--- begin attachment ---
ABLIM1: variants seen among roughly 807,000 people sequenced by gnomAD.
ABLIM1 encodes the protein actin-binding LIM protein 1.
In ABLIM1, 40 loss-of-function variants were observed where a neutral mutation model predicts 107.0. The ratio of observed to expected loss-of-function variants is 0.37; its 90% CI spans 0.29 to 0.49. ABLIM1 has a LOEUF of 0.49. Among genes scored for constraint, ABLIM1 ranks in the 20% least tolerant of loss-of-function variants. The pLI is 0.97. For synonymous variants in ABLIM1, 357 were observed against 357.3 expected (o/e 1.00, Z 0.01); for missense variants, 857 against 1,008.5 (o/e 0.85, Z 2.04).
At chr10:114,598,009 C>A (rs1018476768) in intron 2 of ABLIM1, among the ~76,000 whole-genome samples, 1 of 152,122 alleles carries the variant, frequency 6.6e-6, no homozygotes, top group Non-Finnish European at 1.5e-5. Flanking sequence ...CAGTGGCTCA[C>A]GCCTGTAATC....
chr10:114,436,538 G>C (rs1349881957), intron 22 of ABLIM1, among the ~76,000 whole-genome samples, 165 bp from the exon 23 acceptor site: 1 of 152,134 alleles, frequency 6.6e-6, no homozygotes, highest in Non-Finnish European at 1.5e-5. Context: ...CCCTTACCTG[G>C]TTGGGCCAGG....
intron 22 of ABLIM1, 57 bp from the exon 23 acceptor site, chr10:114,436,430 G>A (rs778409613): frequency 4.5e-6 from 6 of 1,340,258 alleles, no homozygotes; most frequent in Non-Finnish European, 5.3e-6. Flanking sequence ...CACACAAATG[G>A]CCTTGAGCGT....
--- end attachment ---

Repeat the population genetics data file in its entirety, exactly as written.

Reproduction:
ABLIM1: variants seen among roughly 807,000 people sequenced by gnomAD.
ABLIM1 encodes the protein actin-binding LIM protein 1.
In ABLIM1, 40 loss-of-function variants were observed where a neutral mutation model predicts 107.0. The ratio of observed to expected loss-of-function variants is 0.37; its 90% CI spans 0.29 to 0.49. ABLIM1 has a LOEUF of 0.49. Among genes scored for constraint, ABLIM1 ranks in the 20% least tolerant of loss-of-function variants. The pLI is 0.97. For synonymous variants in ABLIM1, 357 were observed against 357.3 expected (o/e 1.00, Z 0.01); for missense variants, 857 against 1,008.5 (o/e 0.85, Z 2.04).
At chr10:114,598,009 C>A (rs1018476768) in intron 2 of ABLIM1, among the ~76,000 whole-genome samples, 1 of 152,122 alleles carries the variant, frequency 6.6e-6, no homozygotes, top group Non-Finnish European at 1.5e-5. Flanking sequence ...CAGTGGCTCA[C>A]GCCTGTAATC....
chr10:114,436,538 G>C (rs1349881957), intron 22 of ABLIM1, among the ~76,000 whole-genome samples, 165 bp from the exon 23 acceptor site: 1 of 152,134 alleles, frequency 6.6e-6, no homozygotes, highest in Non-Finnish European at 1.5e-5. Context: ...CCCTTACCTG[G>C]TTGGGCCAGG....
intron 22 of ABLIM1, 57 bp from the exon 23 acceptor site, chr10:114,436,430 G>A (rs778409613): frequency 4.5e-6 from 6 of 1,340,258 alleles, no homozygotes; most frequent in Non-Finnish European, 5.3e-6. Flanking sequence ...CACACAAATG[G>A]CCTTGAGCGT....